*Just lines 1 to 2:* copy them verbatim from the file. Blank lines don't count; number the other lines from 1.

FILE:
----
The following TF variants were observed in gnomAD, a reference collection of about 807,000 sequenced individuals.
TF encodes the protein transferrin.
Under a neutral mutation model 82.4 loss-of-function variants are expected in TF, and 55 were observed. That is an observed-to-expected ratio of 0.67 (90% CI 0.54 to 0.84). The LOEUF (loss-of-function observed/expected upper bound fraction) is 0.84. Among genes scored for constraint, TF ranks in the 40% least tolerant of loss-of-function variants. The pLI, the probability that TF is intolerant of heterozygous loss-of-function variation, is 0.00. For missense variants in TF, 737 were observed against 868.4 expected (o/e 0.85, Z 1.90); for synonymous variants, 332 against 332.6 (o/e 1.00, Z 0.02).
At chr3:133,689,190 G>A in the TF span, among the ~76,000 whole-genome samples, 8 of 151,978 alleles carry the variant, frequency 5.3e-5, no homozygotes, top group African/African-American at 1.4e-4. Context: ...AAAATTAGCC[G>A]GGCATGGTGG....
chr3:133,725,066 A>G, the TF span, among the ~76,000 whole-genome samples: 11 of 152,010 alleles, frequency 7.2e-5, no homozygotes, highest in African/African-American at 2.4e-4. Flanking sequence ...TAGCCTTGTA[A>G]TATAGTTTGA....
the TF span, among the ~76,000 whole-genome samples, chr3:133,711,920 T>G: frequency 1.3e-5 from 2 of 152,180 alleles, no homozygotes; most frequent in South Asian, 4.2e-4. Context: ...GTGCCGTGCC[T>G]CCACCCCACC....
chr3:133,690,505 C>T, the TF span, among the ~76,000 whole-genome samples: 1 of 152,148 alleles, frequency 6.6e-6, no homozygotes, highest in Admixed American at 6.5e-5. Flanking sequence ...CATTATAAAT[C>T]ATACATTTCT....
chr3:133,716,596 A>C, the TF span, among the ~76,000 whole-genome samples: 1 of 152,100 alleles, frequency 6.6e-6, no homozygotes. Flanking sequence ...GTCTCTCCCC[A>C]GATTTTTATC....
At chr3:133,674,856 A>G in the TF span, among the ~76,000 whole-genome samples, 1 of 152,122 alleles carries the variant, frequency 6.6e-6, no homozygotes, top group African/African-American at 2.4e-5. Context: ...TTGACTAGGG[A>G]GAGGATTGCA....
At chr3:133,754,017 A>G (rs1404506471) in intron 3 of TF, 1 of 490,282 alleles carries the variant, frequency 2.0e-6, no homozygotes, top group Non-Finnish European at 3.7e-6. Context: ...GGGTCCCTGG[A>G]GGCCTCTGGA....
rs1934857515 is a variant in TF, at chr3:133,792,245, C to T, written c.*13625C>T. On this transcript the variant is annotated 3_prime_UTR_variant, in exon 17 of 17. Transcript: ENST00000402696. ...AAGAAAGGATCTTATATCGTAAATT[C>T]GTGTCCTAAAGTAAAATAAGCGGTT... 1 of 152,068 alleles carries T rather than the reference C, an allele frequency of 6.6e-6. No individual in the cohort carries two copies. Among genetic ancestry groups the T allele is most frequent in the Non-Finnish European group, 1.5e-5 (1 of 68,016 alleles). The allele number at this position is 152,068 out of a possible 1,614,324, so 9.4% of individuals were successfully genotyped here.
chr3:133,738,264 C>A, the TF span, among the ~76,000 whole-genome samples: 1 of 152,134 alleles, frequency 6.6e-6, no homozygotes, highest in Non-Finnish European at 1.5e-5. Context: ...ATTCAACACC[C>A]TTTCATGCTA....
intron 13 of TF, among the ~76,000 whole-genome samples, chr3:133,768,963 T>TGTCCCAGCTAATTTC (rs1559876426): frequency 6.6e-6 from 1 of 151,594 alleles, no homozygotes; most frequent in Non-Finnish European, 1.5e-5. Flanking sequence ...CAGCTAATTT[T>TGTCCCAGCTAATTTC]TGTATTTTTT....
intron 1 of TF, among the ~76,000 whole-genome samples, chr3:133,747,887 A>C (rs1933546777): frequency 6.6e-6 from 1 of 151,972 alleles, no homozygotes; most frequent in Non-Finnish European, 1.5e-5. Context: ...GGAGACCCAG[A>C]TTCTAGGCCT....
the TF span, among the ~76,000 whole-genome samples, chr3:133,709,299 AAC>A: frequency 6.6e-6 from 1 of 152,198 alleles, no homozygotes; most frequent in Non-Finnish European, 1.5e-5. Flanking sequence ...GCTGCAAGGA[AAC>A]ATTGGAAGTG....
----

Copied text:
The following TF variants were observed in gnomAD, a reference collection of about 807,000 sequenced individuals.
TF encodes the protein transferrin.